Posted by: Louis Lavelle on July 22, 2008
Would-be MBA students getting ready to take the GMAT might be in for a little surprise when they show up at the testing center. In addition to all the usual security measures—including video monitoring and the computer adaptive test itself—test takers will soon be asked to submit to a new one: a biometric device that uses an infared light to capture the test-taker’s unique “palm vein pattern.”
Pearson VUE, the company that administers the GMAT for the Graduate Management Admission Council, plans to announce the new security effort tomorrow, but BusinessWeek got a sneak peak at it today.
The Fujitsu “PalmSecure” device will be rolled out next month at 16 testing centers in India and Korea for GMAT candidates. It goes live in the U.S. this fall, and when fully deployed will be used in 400 facilities in 107 countries by May 2009.
The announcement comes as the b-school world is embroiled in a cheating scandal involving the GMAT--users of a now-defunct test prep Web site, Scoretop.com, have been accused by GMAC of using it to post and access live test questions, and GMAC has said it will cancel the test scores of anyone who violated its rules.
But the new security measure is designed to stop a different kind of cheating--the use of professional test takers, or proxies, to take the exam on behalf of someone else. GMAC's been burned by this type of cheater before. Back in 2003, it busted a half dozen people who took the GMAT for others for about $5,000 a pop. GMAC canceled 166 scores as a result, and five of the six imposters ended up at Rikers.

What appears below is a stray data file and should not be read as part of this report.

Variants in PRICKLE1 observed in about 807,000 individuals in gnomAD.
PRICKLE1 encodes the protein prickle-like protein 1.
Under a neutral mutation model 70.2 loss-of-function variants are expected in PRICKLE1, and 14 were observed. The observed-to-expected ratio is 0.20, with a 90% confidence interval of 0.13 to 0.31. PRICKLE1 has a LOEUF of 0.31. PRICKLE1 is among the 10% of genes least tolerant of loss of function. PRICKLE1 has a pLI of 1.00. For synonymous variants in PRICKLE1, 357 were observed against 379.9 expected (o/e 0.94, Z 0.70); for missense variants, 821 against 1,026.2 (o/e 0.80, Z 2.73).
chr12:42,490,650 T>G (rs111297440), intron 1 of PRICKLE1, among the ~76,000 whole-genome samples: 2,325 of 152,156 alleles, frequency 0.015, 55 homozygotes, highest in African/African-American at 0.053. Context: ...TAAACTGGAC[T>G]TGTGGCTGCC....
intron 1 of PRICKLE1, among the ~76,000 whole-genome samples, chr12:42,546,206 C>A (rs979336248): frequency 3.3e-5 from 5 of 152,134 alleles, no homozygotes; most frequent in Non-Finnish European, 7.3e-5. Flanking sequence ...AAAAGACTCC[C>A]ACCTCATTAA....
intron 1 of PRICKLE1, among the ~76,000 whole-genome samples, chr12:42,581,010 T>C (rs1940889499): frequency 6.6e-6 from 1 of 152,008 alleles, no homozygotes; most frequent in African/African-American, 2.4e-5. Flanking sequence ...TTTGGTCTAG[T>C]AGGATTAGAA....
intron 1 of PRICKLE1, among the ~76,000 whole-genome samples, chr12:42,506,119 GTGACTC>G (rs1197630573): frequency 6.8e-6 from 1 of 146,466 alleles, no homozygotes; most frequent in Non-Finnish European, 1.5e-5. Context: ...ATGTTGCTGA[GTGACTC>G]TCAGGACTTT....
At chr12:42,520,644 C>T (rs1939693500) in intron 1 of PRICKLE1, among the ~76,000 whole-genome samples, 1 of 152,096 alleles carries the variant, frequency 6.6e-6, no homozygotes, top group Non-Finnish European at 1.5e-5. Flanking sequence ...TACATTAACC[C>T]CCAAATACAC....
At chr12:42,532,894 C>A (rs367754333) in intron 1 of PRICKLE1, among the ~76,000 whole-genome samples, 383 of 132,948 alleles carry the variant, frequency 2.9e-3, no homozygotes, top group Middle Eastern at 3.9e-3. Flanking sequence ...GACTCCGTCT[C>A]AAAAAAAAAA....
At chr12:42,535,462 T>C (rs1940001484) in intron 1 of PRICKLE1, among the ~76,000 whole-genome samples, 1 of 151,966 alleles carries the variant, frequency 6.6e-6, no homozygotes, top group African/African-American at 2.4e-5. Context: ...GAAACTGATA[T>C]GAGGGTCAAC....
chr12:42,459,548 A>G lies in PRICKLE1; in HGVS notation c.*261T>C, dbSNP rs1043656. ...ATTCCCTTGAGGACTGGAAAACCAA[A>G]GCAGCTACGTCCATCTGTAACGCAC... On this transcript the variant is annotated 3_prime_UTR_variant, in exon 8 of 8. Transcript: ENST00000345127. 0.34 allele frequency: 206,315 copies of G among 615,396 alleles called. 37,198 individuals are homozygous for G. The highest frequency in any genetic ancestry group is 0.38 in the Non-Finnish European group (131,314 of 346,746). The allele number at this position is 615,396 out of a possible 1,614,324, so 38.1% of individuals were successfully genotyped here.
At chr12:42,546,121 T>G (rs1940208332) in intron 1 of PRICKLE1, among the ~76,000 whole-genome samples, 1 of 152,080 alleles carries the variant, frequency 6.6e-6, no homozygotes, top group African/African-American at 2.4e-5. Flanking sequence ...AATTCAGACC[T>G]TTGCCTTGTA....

Here's what David Wilson, the president and CEO of GMAC, says about the new security measures in the announcement:
“For decades, the world’s leading business schools have relied upon the GMAT exam as the best predictor of a candidate’s academic success. We have an ethical responsibility to business schools and students to preserve the integrity of the GMAT and the application process, so insuring the highest level of security is critical. Pearson VUE is an excellent partner in this capacity because it, too, places an emphasis on security and responsibility to our customers. PalmSecure helps us respond to the needs of our international marketplace. It is a more accurate, more efficient, and less invasive way to ensure that each test taker has a single GMAT record, thus preventing individuals from taking the test for others.”
The PalmSecure device is already in use by healthcare organizations, government agencies, financial institutions and other global enterprises, but this is its first major use in an educational context. While the timing might seem odd, the rollout is more proactive than reactive--it was not prompted by either the Scoretop situation or an uptick in proxy cheating.